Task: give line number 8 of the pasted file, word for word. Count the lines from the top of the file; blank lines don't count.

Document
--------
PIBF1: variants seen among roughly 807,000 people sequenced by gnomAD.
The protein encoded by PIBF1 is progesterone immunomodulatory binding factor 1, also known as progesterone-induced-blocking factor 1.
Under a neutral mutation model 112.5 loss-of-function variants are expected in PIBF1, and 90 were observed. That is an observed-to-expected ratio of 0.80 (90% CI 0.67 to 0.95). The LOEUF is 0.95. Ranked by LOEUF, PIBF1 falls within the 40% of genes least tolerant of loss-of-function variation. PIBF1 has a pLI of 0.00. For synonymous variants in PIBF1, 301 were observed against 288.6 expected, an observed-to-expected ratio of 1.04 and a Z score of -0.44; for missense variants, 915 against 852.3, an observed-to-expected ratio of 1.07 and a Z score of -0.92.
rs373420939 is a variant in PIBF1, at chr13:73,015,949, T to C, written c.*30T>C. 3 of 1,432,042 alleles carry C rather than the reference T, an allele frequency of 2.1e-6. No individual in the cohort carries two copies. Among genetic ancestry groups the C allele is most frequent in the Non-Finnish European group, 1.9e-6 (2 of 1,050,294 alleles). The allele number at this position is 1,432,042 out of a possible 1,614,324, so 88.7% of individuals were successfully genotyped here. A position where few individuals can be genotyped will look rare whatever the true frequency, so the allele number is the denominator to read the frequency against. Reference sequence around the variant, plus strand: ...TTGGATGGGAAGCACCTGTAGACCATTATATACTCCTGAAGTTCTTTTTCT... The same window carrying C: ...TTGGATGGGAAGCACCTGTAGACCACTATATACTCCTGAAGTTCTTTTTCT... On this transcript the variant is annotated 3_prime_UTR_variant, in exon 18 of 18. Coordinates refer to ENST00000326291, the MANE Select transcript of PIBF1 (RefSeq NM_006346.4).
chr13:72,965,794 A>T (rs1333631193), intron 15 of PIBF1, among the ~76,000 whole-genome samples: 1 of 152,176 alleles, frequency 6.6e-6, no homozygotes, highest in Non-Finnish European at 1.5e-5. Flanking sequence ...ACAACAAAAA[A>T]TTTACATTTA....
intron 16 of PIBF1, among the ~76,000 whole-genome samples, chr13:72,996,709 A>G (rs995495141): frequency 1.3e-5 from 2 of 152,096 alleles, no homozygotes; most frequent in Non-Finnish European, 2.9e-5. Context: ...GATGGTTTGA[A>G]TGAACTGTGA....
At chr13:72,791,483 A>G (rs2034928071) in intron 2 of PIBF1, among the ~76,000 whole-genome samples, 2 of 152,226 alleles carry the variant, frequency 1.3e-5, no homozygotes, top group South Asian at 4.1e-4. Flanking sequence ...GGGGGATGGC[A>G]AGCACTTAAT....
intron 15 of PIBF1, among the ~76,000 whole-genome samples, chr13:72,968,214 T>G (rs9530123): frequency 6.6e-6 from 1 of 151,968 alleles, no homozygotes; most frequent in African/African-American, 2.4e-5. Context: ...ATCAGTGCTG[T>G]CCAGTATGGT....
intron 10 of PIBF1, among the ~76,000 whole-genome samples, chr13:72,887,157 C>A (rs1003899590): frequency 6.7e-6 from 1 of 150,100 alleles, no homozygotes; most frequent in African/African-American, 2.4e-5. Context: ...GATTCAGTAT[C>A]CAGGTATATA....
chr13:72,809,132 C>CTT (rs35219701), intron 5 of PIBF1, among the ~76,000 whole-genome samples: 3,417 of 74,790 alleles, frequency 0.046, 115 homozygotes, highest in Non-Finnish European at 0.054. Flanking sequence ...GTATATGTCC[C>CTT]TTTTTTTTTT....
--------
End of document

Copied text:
intron 15 of PIBF1, among the ~76,000 whole-genome samples, chr13:72,968,214 T>G (rs9530123): frequency 6.6e-6 from 1 of 151,968 alleles, no homozygotes; most frequent in African/African-American, 2.4e-5. Context: ...ATCAGTGCTG[T>G]CCAGTATGGT....